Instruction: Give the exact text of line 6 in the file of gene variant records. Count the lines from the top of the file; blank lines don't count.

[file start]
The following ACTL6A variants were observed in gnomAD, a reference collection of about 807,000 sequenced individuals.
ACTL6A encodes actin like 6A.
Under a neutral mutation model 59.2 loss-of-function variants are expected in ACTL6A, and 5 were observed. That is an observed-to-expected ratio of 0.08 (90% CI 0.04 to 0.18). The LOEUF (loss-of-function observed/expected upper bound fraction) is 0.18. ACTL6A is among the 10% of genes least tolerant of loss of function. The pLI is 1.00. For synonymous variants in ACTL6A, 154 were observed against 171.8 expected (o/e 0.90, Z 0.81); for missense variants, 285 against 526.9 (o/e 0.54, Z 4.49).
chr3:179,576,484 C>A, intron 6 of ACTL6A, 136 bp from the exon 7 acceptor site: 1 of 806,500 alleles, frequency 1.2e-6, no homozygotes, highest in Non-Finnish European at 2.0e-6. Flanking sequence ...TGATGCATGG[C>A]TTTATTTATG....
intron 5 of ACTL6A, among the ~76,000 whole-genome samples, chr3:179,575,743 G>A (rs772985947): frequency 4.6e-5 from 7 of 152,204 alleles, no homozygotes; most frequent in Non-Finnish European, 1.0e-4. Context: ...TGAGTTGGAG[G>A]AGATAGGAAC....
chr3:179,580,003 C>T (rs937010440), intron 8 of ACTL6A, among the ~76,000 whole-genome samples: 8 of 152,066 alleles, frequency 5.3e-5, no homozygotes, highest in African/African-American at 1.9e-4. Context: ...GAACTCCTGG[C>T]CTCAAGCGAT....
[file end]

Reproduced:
chr3:179,580,003 C>T (rs937010440), intron 8 of ACTL6A, among the ~76,000 whole-genome samples: 8 of 152,066 alleles, frequency 5.3e-5, no homozygotes, highest in African/African-American at 1.9e-4. Context: ...GAACTCCTGG[C>T]CTCAAGCGAT....